Monday, August 17, 2009

Swissify America!

I was going to comment on the Swiss health care system one of these days, in light of the ferocious debate going on in the US, but Paul Krugman beat me to it. As most of our past visitors know, we are big fans of the Swiss system and have long thought it would make a smart model for the US. To summarize it in short: every resident is required to have a minimum level of coverage, insurance companies (all private) have to make certain plans available and must accept all applicants, and the government provides assistance to families who need it. Finding a reasonable health care plan was surprisingly one of the easiest things to do here (considerably easier than getting access to the laundry). There were many companies from which to choose, even at the lowest level of coverage, and the policies were easy to compare. We chose the cheapest option possible and have received excellent (and, I might add, very high-tech) care. We have not one complaint (though my teeth are annoyed we did not add dental). Just my two francs' worth.


Kathy said...

I've thought about this too. So much is at stake in the US, including recovery from the recession. What a difference affordable health care and availability of micro (business) loans would make to thousands of the under- and unemployed.

I have yet to test drive the care or the insurance here. Of course we have it, we just haven't had a chance to use it.

On the one hand, the Swiss model seems like a good fit for the US. But for the model to work, you need some additional elements, and I would love to know more how the Swiss handle the following.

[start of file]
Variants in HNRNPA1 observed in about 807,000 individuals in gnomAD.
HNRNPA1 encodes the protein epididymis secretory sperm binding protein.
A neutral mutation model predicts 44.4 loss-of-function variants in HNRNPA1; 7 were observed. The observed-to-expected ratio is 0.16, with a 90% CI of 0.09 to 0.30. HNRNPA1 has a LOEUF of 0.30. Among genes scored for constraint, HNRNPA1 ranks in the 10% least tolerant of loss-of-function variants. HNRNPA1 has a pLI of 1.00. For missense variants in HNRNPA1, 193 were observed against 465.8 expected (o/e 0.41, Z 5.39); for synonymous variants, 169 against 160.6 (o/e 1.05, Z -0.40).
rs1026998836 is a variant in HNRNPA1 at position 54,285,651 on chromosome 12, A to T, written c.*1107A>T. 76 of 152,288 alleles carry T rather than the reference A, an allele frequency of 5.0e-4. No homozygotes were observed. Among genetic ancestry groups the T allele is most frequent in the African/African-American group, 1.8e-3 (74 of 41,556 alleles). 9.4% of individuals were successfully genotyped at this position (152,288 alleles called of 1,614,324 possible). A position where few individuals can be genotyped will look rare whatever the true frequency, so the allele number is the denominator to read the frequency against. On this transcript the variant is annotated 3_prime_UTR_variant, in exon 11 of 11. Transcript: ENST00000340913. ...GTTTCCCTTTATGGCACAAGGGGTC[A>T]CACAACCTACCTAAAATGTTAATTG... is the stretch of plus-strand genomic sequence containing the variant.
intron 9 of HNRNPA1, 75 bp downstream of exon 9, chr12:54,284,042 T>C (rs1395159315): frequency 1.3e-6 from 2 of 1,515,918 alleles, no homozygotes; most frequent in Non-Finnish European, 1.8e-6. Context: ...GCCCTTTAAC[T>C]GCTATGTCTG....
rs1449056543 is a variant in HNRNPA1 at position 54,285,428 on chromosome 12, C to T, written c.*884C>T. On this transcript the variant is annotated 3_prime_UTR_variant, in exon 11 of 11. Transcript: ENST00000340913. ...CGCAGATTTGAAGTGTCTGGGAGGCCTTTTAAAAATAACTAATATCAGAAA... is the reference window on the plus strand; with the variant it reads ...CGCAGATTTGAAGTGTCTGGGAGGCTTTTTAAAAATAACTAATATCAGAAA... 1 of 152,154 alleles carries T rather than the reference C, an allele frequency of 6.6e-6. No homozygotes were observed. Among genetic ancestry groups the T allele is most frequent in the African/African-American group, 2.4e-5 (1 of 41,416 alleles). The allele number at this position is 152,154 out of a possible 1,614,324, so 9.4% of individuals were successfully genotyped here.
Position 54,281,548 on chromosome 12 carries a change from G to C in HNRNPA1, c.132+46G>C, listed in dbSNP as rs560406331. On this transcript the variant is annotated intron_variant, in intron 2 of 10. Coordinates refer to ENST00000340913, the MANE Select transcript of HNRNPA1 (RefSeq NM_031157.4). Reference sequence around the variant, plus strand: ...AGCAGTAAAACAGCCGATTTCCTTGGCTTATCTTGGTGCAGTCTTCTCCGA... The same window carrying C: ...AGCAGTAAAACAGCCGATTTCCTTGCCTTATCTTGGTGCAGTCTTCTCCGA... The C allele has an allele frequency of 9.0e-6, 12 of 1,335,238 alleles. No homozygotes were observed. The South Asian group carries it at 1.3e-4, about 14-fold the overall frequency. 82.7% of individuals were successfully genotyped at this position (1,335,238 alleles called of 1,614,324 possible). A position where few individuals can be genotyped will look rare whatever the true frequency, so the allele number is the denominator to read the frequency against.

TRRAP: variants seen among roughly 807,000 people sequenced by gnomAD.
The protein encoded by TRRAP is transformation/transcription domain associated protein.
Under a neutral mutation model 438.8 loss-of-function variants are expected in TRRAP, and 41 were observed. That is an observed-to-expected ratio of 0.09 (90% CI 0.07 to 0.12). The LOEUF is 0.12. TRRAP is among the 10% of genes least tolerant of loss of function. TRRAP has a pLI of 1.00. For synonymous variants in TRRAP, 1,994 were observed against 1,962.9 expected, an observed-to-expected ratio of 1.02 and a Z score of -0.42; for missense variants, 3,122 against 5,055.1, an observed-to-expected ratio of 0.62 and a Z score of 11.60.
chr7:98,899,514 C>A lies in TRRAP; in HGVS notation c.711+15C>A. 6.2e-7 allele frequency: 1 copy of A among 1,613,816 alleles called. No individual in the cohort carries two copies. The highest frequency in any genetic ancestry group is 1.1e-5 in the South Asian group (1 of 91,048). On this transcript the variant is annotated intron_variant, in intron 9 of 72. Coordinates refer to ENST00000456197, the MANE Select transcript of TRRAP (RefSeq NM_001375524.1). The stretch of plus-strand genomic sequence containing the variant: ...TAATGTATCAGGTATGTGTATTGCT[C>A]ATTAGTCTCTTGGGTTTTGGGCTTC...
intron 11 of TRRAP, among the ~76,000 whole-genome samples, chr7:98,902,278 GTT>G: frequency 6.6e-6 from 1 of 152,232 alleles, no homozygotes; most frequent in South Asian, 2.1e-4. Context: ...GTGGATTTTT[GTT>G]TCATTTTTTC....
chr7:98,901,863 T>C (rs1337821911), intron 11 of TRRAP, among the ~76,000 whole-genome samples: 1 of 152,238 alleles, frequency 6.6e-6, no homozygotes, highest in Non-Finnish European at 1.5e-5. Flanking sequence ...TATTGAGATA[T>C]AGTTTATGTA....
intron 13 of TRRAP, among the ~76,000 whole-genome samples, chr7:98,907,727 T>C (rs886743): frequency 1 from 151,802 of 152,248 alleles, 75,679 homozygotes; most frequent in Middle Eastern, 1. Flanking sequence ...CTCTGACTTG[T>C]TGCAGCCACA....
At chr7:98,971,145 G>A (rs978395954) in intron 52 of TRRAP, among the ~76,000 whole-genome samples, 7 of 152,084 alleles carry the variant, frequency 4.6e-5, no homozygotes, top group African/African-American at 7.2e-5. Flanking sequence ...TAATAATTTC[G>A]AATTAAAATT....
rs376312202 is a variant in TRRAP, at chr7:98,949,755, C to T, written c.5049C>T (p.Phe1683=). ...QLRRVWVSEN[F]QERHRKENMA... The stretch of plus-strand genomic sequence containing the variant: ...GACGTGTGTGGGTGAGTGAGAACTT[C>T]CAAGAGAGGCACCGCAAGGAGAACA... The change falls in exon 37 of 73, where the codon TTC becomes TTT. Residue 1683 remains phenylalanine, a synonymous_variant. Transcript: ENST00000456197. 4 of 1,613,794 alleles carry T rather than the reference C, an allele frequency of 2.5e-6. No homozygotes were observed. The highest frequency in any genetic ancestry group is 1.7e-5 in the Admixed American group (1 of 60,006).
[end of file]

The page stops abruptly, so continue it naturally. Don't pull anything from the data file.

1. Insurers cannot exclude coverage based on 'pre-existing' conditions. Per Krugman this is the case in Switzerland.

2. Insurers cannot cherry pick which diagnoses to cover. They must all cover at least a core set of diagnoses/treatments. It appears that the required insurance in Switzerland is subject to this kind of regulation. Individuals can purchase additional coverage beyond this (for example, dental). Is that correct?

3. Pharma costs must be controlled either by regulation or by giving government the ability to bargain on behalf of customers. How do the Swiss control drug costs, or do they?

4. Incentives for good care and diagnosis. My husband has a colleague here who has a serious but (apparently) difficult to diagnose condition and has not received any treatment yet, despite trying one doctor and two hospitals.

Swiss Ms. said...

Kathy, thanks for your thoughtful comments. I do not know the answers to your questions but they have been good food for thought.

We have found it hard to compare the quality of care to that offered in other countries due the many cultural differences playing into diagnosis and treatment. Fortunately, we've not had to deal with any serious health problems while living here so our experience is admittedly limited. I've received excellent, conscientious care for my preexisting condition but would be seriously disheartened to find unwillingness or inability to diagnose/treat a new problem. I'm not sure how excellence is encouraged here, or in any other country for that matter.

I do appreciate that the insurers are required to accept you and that, even at a very basic level, they will cover everything (to my knowledge) over a certain deductible amount. Compared to private insurance I had to arrange for myself as an independent contractor in the US, this coverage is a much better value – certainly a much lower deductible at a lower premium, anyway. We were surprised by how many other options/levels were offered here; I'm sure this would be appealing in the US.

Regulating the cost of pharmaceuticals seems very complicated to me. I am not sure how to resolve the fact that uncontrolled drug prices in the US help subsidize (among other things) the continued research and innovation of old and new drugs, something that clearly benefits the rest of the world. I think this is the case, anyway. Our current plan does not cover prescriptions; I pay more than I did when I had employer insurance but less than I did when I had my own coverage. I guess there is some price control but I do not know how or how much.

Keep us posted if you learn more about how things work around here in the meantime!

Kathy said...

I found some additional detail on the topic and posted in on my blog.

Kathy said...

Also, the coworker who was having a problem getting diagnosed went back to one the providers and they fell all over themselves trying to make it right. He's getting treatment and improving.